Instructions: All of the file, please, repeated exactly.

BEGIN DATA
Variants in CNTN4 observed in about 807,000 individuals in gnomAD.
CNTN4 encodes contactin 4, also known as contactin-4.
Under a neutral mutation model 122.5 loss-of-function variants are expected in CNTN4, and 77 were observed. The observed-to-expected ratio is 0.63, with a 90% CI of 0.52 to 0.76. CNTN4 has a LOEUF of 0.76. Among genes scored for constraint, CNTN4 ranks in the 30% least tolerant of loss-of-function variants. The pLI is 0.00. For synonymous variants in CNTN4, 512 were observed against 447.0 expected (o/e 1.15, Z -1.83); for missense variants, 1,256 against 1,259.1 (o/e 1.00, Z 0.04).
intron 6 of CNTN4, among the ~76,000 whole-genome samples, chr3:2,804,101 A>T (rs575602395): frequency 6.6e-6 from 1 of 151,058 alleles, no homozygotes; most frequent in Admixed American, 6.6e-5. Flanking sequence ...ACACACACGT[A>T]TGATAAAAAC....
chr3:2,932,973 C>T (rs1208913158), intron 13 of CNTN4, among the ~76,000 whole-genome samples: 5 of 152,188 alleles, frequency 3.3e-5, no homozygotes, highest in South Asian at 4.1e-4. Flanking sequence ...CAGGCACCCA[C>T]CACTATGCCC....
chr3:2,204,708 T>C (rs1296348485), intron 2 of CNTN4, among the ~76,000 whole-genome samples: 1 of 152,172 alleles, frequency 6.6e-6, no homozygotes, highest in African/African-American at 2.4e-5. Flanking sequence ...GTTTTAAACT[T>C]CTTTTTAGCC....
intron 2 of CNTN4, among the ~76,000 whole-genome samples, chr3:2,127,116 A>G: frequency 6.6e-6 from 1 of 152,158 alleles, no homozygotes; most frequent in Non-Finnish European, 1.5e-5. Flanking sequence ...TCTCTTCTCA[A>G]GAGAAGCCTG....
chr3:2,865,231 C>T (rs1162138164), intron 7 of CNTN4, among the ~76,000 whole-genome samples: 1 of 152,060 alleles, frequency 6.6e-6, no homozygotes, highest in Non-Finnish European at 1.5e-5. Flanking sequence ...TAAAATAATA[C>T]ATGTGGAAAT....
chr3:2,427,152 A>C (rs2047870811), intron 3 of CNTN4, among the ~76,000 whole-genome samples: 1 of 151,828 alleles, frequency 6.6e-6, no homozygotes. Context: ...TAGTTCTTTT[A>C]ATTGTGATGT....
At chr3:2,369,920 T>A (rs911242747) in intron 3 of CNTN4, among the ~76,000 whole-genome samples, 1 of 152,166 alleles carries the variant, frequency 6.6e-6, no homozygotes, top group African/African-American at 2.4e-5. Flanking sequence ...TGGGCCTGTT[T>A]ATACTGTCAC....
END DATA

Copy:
Variants in CNTN4 observed in about 807,000 individuals in gnomAD.
CNTN4 encodes contactin 4, also known as contactin-4.
Under a neutral mutation model 122.5 loss-of-function variants are expected in CNTN4, and 77 were observed. The observed-to-expected ratio is 0.63, with a 90% CI of 0.52 to 0.76. CNTN4 has a LOEUF of 0.76. Among genes scored for constraint, CNTN4 ranks in the 30% least tolerant of loss-of-function variants. The pLI is 0.00. For synonymous variants in CNTN4, 512 were observed against 447.0 expected (o/e 1.15, Z -1.83); for missense variants, 1,256 against 1,259.1 (o/e 1.00, Z 0.04).
intron 6 of CNTN4, among the ~76,000 whole-genome samples, chr3:2,804,101 A>T (rs575602395): frequency 6.6e-6 from 1 of 151,058 alleles, no homozygotes; most frequent in Admixed American, 6.6e-5. Flanking sequence ...ACACACACGT[A>T]TGATAAAAAC....
chr3:2,932,973 C>T (rs1208913158), intron 13 of CNTN4, among the ~76,000 whole-genome samples: 5 of 152,188 alleles, frequency 3.3e-5, no homozygotes, highest in South Asian at 4.1e-4. Flanking sequence ...CAGGCACCCA[C>T]CACTATGCCC....
chr3:2,204,708 T>C (rs1296348485), intron 2 of CNTN4, among the ~76,000 whole-genome samples: 1 of 152,172 alleles, frequency 6.6e-6, no homozygotes, highest in African/African-American at 2.4e-5. Flanking sequence ...GTTTTAAACT[T>C]CTTTTTAGCC....
intron 2 of CNTN4, among the ~76,000 whole-genome samples, chr3:2,127,116 A>G: frequency 6.6e-6 from 1 of 152,158 alleles, no homozygotes; most frequent in Non-Finnish European, 1.5e-5. Flanking sequence ...TCTCTTCTCA[A>G]GAGAAGCCTG....
chr3:2,865,231 C>T (rs1162138164), intron 7 of CNTN4, among the ~76,000 whole-genome samples: 1 of 152,060 alleles, frequency 6.6e-6, no homozygotes, highest in Non-Finnish European at 1.5e-5. Flanking sequence ...TAAAATAATA[C>T]ATGTGGAAAT....
chr3:2,427,152 A>C (rs2047870811), intron 3 of CNTN4, among the ~76,000 whole-genome samples: 1 of 151,828 alleles, frequency 6.6e-6, no homozygotes. Context: ...TAGTTCTTTT[A>C]ATTGTGATGT....
At chr3:2,369,920 T>A (rs911242747) in intron 3 of CNTN4, among the ~76,000 whole-genome samples, 1 of 152,166 alleles carries the variant, frequency 6.6e-6, no homozygotes, top group African/African-American at 2.4e-5. Flanking sequence ...TGGGCCTGTT[T>A]ATACTGTCAC....